Agenda and minutes

Joint Health Overview & Scrutiny Committee
Tuesday, 18th July, 2017 4.00 pm

Contact: Anthony Clements  Email: 01708 433065

No. Item



The Chairman will announce details of the arrangements in case of fire or other events that might require the meeting room or building’s evacuation.


Directions and parking information for the venue are attached.

Additional documents:


The Chairman gave details of the arrangements in case of fire or other event that should require the evacuation of the meeting room or building.



Apolgies have been received from Councillors Mark Rusling and Geoff Walker, London Borough of Waltham Foerest. Aplogies have also been received from Richard Vann, Healthwatch Barking & Dagenham and Ian Buckmaster, Healthwatch Havering.


Apologies for absence were received from Councillor Jane Jones (Barking & Dagenham) Councillor Dilip Patel (Havering) Councillor Suzanne Nolan (Redbridge) Councillor Mark Rusling (Waltham Forest) and Councillor Geoff Walker (Waltham Forest, Councillor Peter Herrington substituting).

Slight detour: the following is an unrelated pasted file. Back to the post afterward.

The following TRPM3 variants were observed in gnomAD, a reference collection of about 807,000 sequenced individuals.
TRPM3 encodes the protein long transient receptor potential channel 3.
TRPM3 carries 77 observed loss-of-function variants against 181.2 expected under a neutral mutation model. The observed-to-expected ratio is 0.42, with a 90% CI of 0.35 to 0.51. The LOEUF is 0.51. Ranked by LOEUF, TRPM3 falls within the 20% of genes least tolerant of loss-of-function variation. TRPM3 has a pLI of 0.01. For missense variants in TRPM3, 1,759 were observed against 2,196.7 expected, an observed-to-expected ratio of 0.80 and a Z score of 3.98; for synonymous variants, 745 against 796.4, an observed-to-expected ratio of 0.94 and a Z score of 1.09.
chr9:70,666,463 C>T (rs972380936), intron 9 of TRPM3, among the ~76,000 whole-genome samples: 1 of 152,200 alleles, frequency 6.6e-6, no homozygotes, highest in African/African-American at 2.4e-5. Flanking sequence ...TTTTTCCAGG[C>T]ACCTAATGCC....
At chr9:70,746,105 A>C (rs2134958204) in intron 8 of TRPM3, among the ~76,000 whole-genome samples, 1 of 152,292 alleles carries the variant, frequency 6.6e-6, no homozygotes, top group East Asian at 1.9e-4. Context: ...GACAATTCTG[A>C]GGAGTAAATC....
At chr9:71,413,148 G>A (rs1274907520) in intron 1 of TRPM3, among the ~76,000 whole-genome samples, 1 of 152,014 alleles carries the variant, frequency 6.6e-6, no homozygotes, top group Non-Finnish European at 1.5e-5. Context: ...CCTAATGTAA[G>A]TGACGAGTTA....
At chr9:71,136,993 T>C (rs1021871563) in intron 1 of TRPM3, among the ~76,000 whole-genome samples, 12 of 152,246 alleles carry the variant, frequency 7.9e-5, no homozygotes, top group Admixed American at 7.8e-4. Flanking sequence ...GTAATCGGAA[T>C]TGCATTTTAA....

Apologies were also received from Richard Vann (Healthwatch Barking & Dagenham) and Ian Buckmaster (Healthwatch Havering, Anne-Marie Dean substituting).





Members are invited to disclose any interests in any of the items on the agenda at this point of the meeting. Members may still disclose an interest in an item at any point prior to the consideration of the matter.


Councillor Sweden declared an interest in item 6 (NELFT future plans) as he was managed, though not employed by, the North East London NHS Foundation Trust.



To agree as a correct record the minutes of the meeting of the Joint Committee held on 18 April 2017 (attached).


The minutes of the meeting of the Joint Committee held on 18 April 2017 were agreed as a correct record and signed by the Chairman.



Covering report and presentation attached.

Additional documents:


The Chief Nurse at BHRUT advised that the Trust was now above the national average for incident reporting – an indication of a healthy organisation. Few of the reported incidents were serious or harmful in nature.  The most common categories of incidents reported included pressure ulcers (on which the Trust had done a lot of work to reduce the occurrence of) delays to treatment, falls within the hospital, medication errors (these were mainly of no harm/near miss incidents) and maternity services. The number of serious incidents reported had reduced.